The selection process hasn't been entirely without drama, but "the relatively uncontroversial nature of these picks has been by design," Politico's Ryan Lizza reports. "Internally, Biden officials have been instructed to emphasize to reporters how normal the picks are, how 'these are tested leaders.' It's seen as a success if the Biden staff and Cabinet announcements don't make much news." Peter Weber

6:23 a.m.

The International Air Transport Association (IATA) said Monday it's "in the final development phase" of a mobile "digital passport" app that would tell airlines if international travelers had been vaccinated against COVID-19. The app would help "get people traveling again safely," IATA's Nick Careen said in a statement, by "giving governments confidence that systematic COVID-19 testing can work as a replacement for quarantine requirements."

Australia's Qantas announced Monday that it's on board with requiring a "vaccination passport" for international travelers, starting next year. "We are looking at changing our terms and conditions to say for international travelers, that we will ask people to have the vaccination before they get on the aircraft," Qantas CEO Alan Joyce told Australia's Network 9. Korean Air and Air New Zealand also backed the idea but said any changes would have to be coordinated with their respective governments.

In the past few weeks, Moderna, Pfizer-BioNTech, and Oxford University-AstraZeneca have announced that large trials showed their respective COVID-19 vaccines to be safe and hightly effective at preventing the disease. This encouraging news "has given airlines and nations hope they may soon be able to revive suspended flight routes and dust off lucrative tourism plans," The Associated Press reports. "But countries in Asia and the Pacific, in particular, are determined not to let their hard-won gains against the virus evaporate."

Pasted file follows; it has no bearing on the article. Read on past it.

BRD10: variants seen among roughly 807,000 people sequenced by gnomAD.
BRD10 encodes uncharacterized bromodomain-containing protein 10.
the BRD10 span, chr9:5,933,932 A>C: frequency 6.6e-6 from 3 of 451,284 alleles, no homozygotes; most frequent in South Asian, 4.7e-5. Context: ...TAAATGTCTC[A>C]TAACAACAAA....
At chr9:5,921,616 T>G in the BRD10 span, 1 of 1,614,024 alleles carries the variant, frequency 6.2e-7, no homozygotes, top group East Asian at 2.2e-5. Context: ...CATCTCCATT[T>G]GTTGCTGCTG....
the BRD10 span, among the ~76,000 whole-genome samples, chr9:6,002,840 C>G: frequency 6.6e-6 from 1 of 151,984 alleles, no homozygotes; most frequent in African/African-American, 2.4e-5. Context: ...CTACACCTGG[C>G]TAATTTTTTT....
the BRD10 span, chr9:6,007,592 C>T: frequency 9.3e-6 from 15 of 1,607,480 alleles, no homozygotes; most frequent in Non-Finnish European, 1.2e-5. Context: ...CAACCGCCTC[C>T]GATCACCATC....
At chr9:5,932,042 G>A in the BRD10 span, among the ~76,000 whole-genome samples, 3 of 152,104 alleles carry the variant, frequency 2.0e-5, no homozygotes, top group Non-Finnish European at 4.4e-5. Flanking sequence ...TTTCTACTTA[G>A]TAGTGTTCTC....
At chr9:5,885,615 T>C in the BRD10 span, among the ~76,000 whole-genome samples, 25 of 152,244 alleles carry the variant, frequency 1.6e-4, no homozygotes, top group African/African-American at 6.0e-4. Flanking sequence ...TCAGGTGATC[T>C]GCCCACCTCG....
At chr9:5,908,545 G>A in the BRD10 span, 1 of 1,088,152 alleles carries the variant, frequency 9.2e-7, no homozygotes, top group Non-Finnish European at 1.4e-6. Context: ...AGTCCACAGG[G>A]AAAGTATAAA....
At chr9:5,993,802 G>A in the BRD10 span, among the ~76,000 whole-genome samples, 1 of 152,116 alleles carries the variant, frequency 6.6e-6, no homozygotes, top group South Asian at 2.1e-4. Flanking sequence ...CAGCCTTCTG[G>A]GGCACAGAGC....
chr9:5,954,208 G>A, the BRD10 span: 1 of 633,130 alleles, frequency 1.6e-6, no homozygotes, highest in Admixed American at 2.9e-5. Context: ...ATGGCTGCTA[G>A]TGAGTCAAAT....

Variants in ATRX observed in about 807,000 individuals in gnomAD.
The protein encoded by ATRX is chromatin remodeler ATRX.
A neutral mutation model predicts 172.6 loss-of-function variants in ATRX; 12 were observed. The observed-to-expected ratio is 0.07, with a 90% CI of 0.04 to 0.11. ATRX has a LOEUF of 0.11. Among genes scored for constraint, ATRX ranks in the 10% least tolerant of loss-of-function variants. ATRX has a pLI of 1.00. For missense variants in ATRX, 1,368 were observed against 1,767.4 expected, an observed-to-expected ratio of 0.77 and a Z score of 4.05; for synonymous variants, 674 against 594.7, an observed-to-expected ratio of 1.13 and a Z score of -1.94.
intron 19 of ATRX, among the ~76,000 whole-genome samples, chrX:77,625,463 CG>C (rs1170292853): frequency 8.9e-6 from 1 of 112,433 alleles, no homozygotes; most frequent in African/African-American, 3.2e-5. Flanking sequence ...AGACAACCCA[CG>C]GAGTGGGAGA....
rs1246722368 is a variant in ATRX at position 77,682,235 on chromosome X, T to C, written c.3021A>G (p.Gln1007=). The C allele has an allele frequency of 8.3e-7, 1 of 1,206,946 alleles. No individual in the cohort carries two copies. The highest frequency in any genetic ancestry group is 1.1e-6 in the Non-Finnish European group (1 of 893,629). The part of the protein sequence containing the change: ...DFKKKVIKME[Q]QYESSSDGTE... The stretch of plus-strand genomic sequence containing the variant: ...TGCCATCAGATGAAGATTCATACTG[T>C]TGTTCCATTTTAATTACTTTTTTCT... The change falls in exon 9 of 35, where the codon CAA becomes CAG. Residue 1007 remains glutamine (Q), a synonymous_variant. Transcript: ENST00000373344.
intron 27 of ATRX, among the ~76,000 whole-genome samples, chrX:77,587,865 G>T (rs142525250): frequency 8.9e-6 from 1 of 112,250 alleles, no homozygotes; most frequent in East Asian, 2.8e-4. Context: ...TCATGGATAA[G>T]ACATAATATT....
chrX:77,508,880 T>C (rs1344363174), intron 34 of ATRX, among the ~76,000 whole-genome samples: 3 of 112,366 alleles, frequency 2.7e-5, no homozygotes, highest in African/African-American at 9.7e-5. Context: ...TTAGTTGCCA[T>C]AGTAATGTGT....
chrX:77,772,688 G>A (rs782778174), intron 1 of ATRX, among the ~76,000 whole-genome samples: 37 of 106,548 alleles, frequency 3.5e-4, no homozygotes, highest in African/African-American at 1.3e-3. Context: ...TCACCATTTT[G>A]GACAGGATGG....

The IATA and International Airlines Group, the parent company of British Airways, have been working on a digital pass they hope to roll out in the first quarter of 2021. This app would use blockchain technology and wouldn't store user data, IATA said. Korean Air is among those in the airline industry looking at trying out CommonPass, an app endorsed by the World Economic Forum and created with the Commons Project Foundation, and International SOS's AOKpass is currently being used on flights between Abu Dhabi and Pakistan. Peter Weber

5:00 a.m.

"The president's slow-moving coup is not going that well," Stephen Colbert said on Monday's Late Show. "This afternoon, the Michigan election board certified Joe Biden's win in that state, then tonight we just learned moments ago that the General Services Administration informed President-elect Joe Biden the administration is ready to begin the formal transition process." That makes it official, he said. "Our next commander in chief will be President Biden. Which means somewhere, right now, Rudy Giuliani is filing a last-ditch legal claim that our current president's name has always been Joe Biden."

"With so many people humiliated by the absolute incompetence of his legal team, the president did what had to be done and fired someone named Sidney Powell," Colbert said. "If you don't know who she is, congratulations, now you don't have to know. But I'm going to tell you anyway." And he did.

Powell "got kicked off Trump's legal team for being too crazy," Jimmy Fallon marveled at The Tonight show. "That's like getting kicked off of Real Housewives for being too crazy. Seriously, you know how nuts you have to be when Rudy Giuliani's head starts leaking and you're the one who gets fired?"